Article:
Police Women of Memphis

TV review by
Anne Louise Bannon, Common Sense Media
Police Women of Memphis TV Poster Image
Women cops show the down and dirty side of Memphis.

Parents say

age 15+
Based on 3 reviews

Kids say

age 9+
Based on 1 review

A lot or a little?

The parents' guide to what's in this TV show.

Positive Messages

While the messages about respect for police officers are strong and most visible, there are some subtle differences in the way the show presents white and African-American people. African Americans are almost always subtitled, whereas white people largely are not. Most arrestees are African American and while the poor white neighborhood is described as "dramatic," the poor African-American neighborhood is described as "dangerous."

Positive Role Models & Representations

The police women are strong, caring people dedicated to serving their communities doing tough, dangerous work. In particular, Officer Joy Jefferson demonstrates community policing at its finest -- greeting people while on patrol, showing sympathy and concern for a victim of domestic abuse, and behaving fairly at all times.

Violence

As one of the police women notes when a kid is found shot, this is real. And in that scene, we see the entrance wound. Otherwise, there are a lot of suspects resisting arrest, and some struggling. Guns do get drawn, and the threat and possibility of gunfire always remains.

Sex

There is some discussion of prostitution.

Language

Everybody uses foul language -- one of the police women says that using srtong language gets suspects to take her seriously.  Words like "piss," "bitch," and "hell" are heard. "S--t" and "f--k" get bleeped.

Consumerism
Drinking, Drugs & Smoking

Some background smoking, plus scenes of drunk or high people, often getting arrested. Crimes often involve alcohol or drugs.

What parents need to know

Parents need to know that this is a show about real police work, with all that encompasses: There are stories of domestic abuse, theft, drugs, prostitution -- and while we seldom see the crime in action, we do get to see some of the least appealing sides of the issue, including a man who soils himself in a squad car and a young boy who has been shot (with a close look at the entrance wound). The language is strong: Words like "s--t" and "f--k" are bleeped and sometimes obscured. Finally, there are some subtle differences in the way different races are presented in the show, which could send some troubling messages to viewers.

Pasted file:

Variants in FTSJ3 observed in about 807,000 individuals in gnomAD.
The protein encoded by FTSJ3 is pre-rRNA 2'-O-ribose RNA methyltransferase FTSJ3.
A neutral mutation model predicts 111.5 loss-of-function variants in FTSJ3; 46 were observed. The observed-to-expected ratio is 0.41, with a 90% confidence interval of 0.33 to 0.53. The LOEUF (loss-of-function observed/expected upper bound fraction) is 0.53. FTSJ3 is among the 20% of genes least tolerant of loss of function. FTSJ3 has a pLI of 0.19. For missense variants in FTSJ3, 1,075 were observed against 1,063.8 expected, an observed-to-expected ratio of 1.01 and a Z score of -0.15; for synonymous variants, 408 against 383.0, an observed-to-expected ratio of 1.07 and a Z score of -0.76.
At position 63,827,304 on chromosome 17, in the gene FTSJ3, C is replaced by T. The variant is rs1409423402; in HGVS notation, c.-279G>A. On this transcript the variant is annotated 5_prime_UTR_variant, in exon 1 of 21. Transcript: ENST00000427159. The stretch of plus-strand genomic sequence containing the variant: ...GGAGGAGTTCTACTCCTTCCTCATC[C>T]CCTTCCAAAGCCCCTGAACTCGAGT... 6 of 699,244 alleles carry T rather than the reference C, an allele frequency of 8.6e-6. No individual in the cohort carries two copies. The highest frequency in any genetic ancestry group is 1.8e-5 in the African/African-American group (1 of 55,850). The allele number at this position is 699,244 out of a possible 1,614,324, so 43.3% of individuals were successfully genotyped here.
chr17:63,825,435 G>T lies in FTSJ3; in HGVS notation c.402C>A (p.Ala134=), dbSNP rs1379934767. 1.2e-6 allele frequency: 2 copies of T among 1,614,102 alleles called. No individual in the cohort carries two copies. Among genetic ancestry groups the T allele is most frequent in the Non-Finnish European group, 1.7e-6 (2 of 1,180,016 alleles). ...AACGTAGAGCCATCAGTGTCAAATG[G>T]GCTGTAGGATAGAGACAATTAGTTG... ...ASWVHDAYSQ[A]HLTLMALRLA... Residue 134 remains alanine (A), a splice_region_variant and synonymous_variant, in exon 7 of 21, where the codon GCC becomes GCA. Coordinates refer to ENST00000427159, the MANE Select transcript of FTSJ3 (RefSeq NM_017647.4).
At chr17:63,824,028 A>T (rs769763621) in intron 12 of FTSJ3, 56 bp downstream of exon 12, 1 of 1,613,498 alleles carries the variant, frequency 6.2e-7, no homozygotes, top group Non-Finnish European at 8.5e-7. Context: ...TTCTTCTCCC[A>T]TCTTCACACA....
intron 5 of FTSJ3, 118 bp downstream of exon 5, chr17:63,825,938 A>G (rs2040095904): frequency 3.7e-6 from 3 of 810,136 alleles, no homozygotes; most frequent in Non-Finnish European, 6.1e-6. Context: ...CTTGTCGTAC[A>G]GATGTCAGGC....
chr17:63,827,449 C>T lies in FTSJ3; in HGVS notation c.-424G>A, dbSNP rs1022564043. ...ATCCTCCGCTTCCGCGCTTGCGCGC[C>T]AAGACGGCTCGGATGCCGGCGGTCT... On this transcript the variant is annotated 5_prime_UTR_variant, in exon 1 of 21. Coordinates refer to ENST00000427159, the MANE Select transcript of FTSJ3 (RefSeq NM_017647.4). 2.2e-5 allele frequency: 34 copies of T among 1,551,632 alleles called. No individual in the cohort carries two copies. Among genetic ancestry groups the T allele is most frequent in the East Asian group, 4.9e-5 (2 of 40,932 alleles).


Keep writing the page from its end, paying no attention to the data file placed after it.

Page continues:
User Reviews

  • Parents say
  • Kids say
Adult Written byThik4Sho June 16, 2010

A very informative show for children 16 and Over

I love the Police Women of Memphis and look forward to seeing it each week. Personally, I had the pleasure of meeting Officer Virginia Awkward of the Airways P... Continue reading
Parent of a 10 and 16 year old Written byCorruptPoliceShow S. October 25, 2017

WHAT A JOKE

Okay, so let's just begin by stating the officers in use are the "good-looking" female officers, which is BS and the first clear sign of money hu... Continue reading
Kid, 11 years old August 15, 2010

ok

this show does have a lot of violence and can have drugs occassionally and smoking and drinking there is a lot of swears bleeped out.

What's the story?

TLC has the camera on another set of women cops, and the show is pretty much the usual collection of busts, dopey crooks, domestic tragedy, and all the other human drama that makes up police work. In one scene, a young teen is found shot in a field -- a heart-wrenching disovery for both cops and viewers. In another, a young man is arrested for vandalizing his mother's house. The cops do their best to be fair and protect the city of Memphis from criminals.

Is it any good?

What makes this version of women cops more engaging than others is the women themselves. Officer Joy Jefferson is, literally, a joy to watch. She's tough when she has to be, but she prefers connecting with the people in the area she patrols. Alas, there's not enough of Joy to make up for the fact that not much else about this show is particularly unique.

Talk to your kids about ...

  • Families can talk about how real the show is. What clues exist that shows not everything onscreen reflects what really happened?

  • How does the show present police work? Does it encourage women to become cops? Why does the show focus on the female officers?

  • Did you notice a difference in how the show presents different races? If so, what did you notice?

TV details

  • Premiere date: May 27, 2010
  • Network: TLC
  • Genre: Reality TV
  • TV rating: TV-14

For kids who love reality TV

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